By Melissa

No Comments

Categories: News


Over the pounding of the creature’s footfalls and their own hearts, they heard the snap-and-crack of gunfire. The Majungasaur’s charge slowed and it turned to bite at the place on its thigh where a bullet struck. From somewhere in the forest, Crowe and Mouzi shouted wordlessly, trying to draw the animal’s attention. It lurched to a halt and snarled, then licked at the bullet wound with a black, slimy tongue.

Kavanaugh and Honoré raced through a cluster of ferns, slapping the fronds aside–and nearly pitched into empty space. They dug in their heels, grabbing one another, rocking to clumsy stops. Directly in front of them the lip of a gully sloped downward for twenty feet. At the bottom of it spread a very smooth and invitingly open space of dark green.

Panting, sweat stinging his eyes, Kavanaugh said, “Maybe we can lose that goddamn thing down there.”

Too winded to respond, her breasts rising and pressing against her perspiration-soaked shirt, Honoré shook her head. Bending over, she picked up a rock and tossed it down to the floor of the gully. It splashed against the green expanse and sank from view.

Swallowing hard, hands resting on her knees, she husked out, “Quagmire.”

“Bad for us and old Stinky.” Kavanaugh drew his Bren Ten from its clip-on holster at his waist.

Honoré stared at him uncomprehendingly through the tangled screen of her hair. She started to speak, coughed, turned her head, spat, and asked, “You mean to lure it down there?”

Kavanaugh nodded. “I don’t think we’ll be able to get away from it for very long. Listen—“

They heard the tramp of heavy feet, the crash of undergrowth and deep-throated, snuffling grunts.

“It’s hunting us, sniffing us out,” Kavanaugh continued, dropping his voice to barely a whisper. “Even if we sneak past it and hook back up with the others, it’ll get wind of our scents and stalk us wherever we go.”

“How can you be so sure of that? When did you become an expert on carnotaur behavior?”

Kavanaugh drew in a breath, common sense and pragmatism overwhelming the residue of panic. “I’m not, but I’ve been around this part of the world on enough hunting parties and expeditions to get a good idea of predator psychology. Do you know how Komodo dragons hunt?”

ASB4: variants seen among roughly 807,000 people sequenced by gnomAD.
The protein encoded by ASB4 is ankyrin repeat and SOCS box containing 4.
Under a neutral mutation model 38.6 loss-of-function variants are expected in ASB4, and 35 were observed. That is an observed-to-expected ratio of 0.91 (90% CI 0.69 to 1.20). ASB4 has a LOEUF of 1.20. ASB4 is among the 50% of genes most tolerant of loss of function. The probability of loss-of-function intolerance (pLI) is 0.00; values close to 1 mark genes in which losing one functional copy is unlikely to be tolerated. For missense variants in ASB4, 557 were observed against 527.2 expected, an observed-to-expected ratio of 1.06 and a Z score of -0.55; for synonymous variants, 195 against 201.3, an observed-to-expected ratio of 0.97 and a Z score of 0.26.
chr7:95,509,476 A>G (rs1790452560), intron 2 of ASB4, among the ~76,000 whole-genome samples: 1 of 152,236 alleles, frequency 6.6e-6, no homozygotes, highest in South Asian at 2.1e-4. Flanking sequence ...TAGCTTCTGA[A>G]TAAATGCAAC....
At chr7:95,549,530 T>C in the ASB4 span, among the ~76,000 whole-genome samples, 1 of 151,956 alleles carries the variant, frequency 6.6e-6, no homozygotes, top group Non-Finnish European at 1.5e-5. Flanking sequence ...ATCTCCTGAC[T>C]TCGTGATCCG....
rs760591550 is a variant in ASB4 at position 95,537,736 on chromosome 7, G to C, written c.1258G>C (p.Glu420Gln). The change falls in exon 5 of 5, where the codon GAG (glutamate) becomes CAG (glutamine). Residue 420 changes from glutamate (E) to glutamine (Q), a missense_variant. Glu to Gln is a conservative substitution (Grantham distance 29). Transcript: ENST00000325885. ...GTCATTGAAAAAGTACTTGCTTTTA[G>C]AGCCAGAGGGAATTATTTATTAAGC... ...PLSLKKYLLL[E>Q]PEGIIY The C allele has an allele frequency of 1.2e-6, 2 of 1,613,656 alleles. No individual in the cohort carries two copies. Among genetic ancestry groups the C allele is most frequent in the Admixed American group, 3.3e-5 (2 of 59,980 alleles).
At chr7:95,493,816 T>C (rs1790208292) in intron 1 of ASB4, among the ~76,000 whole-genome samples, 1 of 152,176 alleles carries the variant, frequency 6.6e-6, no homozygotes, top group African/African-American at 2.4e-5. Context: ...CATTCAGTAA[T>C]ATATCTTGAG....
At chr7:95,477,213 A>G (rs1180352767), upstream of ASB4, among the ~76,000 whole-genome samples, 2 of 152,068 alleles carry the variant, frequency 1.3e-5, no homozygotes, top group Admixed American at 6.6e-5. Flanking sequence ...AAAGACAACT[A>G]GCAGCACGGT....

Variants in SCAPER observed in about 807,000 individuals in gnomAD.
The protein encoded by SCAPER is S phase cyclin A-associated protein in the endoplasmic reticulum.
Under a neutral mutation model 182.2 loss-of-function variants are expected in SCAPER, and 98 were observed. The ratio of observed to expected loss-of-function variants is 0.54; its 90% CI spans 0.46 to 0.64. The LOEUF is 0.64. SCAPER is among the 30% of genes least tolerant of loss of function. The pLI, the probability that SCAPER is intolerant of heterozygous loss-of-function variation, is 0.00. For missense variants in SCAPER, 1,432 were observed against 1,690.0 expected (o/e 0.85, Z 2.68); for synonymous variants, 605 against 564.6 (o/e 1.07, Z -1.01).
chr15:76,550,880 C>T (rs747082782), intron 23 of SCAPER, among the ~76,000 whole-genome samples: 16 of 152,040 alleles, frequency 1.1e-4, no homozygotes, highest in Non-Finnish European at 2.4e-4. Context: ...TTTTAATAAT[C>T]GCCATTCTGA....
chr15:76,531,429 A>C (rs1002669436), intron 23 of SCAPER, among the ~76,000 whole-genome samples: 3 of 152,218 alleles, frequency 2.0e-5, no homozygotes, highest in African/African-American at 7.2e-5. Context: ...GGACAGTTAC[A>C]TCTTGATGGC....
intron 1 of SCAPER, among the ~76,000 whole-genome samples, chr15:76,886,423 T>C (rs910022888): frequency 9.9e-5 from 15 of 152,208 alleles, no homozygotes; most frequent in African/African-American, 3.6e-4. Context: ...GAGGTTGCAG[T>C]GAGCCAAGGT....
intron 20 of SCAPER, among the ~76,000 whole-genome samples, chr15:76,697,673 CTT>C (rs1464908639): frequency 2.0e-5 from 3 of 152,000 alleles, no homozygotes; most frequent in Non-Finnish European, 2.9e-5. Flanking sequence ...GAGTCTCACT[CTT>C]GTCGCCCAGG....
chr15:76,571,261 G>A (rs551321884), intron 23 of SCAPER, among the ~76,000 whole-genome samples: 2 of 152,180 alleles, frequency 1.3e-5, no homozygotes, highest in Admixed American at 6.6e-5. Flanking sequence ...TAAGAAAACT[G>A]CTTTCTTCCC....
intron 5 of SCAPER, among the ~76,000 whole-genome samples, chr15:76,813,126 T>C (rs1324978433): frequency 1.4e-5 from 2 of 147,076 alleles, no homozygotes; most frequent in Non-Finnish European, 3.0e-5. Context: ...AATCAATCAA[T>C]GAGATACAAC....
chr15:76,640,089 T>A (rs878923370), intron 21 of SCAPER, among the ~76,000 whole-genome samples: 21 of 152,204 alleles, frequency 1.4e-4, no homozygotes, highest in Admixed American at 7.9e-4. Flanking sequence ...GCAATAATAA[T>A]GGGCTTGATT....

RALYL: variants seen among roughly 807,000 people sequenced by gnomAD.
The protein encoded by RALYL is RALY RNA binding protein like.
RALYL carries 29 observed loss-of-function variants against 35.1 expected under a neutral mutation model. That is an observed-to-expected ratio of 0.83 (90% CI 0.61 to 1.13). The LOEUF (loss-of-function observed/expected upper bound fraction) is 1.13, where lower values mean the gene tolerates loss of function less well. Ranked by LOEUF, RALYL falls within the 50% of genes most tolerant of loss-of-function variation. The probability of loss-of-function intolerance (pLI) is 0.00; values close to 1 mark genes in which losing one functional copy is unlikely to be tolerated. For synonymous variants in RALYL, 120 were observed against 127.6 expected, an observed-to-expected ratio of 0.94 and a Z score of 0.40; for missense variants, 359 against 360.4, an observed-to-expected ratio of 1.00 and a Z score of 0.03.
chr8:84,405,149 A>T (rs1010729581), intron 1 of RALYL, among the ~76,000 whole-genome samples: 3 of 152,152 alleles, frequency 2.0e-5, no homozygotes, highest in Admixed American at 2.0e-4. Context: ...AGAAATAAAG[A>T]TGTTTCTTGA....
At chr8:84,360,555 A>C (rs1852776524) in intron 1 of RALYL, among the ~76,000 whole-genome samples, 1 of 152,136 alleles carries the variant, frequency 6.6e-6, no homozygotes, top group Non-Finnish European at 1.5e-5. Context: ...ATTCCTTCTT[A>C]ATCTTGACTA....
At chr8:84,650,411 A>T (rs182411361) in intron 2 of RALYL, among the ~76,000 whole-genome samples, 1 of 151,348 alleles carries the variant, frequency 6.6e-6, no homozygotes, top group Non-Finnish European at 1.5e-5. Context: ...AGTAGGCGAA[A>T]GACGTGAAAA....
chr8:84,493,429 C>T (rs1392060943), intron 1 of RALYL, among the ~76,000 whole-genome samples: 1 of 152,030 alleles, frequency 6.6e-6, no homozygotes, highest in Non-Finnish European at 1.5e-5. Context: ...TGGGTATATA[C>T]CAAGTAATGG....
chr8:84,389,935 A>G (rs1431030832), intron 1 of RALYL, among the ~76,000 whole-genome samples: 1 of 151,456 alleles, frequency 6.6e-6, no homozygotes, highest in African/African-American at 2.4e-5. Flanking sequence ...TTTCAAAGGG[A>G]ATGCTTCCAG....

“Like Stinky, they rely mainly on scent and what’s known as a ‘Jacobosen’s organ’, a vomeronasal sense. That means, with a favorable wind, they can sniff out prey up to six miles away. They’re stalkers by nature, they take all the time they need. They’re patient…they don’t mind waiting. In fact, they’ve been known to get ahead of their prey and then charge out from ambush. Stinky apparently has an issue with one of us—and I’m betting it’s me.”

Honoré straightened up, raking her hair out of her eyes. “Majungasaurs and Komodo dragons aren’t motivated by personal vendettas, Jack.”

“Maybe not…but maybe whatever—or whoever—is nudging Stinky along has one.”

Honoré blinked at him in confusion. “Are you proposing that this attack was planned?”

“And the kamikaze dive of the Quetzalcoatlus and maybe even the Sarcosuchus.”

“I think you’ve been out here in the tropics so long, you’ve let your imagination run rancid. There was blood in the water, remember, and McQuay’s wound had begun bleeding again, too. You said yourself that the Stinko—Majungasaur—hunted around the river banks.”

“Yeah, but I never heard of one camouflaging itself before.”

“That was probably due to foraging at the shoreline and it just picked up a covering of detritus by accident. I’m sure that wasn’t a deliberate act.”

“I wish I could be. What’s that old saying: ‘once is happenstance, twice is coincidence and three times is enemy action’?”

“That applies to mobsters in Chicago, not carnotaurs.”

“It doesn’t matter,” Kavanaugh replied impatiently “What does matter is we’re going to have to take action if we plan to stay alive on this island long enough to get off it—unless you just enjoy running around screaming like an extra in a Japanese monster movie.”

“No,” she stated stolidly. “I do not.”

“All right, then. Let’s go do something about it. How many bullets does that cannon you’re packing have in it?”

Expertly, Honoré popped open the cylinder, spun it, slapped it back into place and announced, “Two.”

“Let me handle the musketry, then.”

As silently as they could, they retraced their steps, alert for any sounds, but they heard nothing but the inquisitive cheep of birds. They entered a small glade and looked all around.

Worriedly, Honoré said, “Perhaps it decided to give up on us and go after Captain Crowe, Mouzi and Bai Suzhen.”

Kavanaugh nodded as if he considered the possibility, and turned slowly around, on the verge of calling out for Crowe. He had just opened his mouth when the Majungasaur crashed through the foliage, running at full speed with its head low, jaws wide in an unmistakable posture of attack.

Honoré cried out incredulously, “It was laying in wait for us–!”.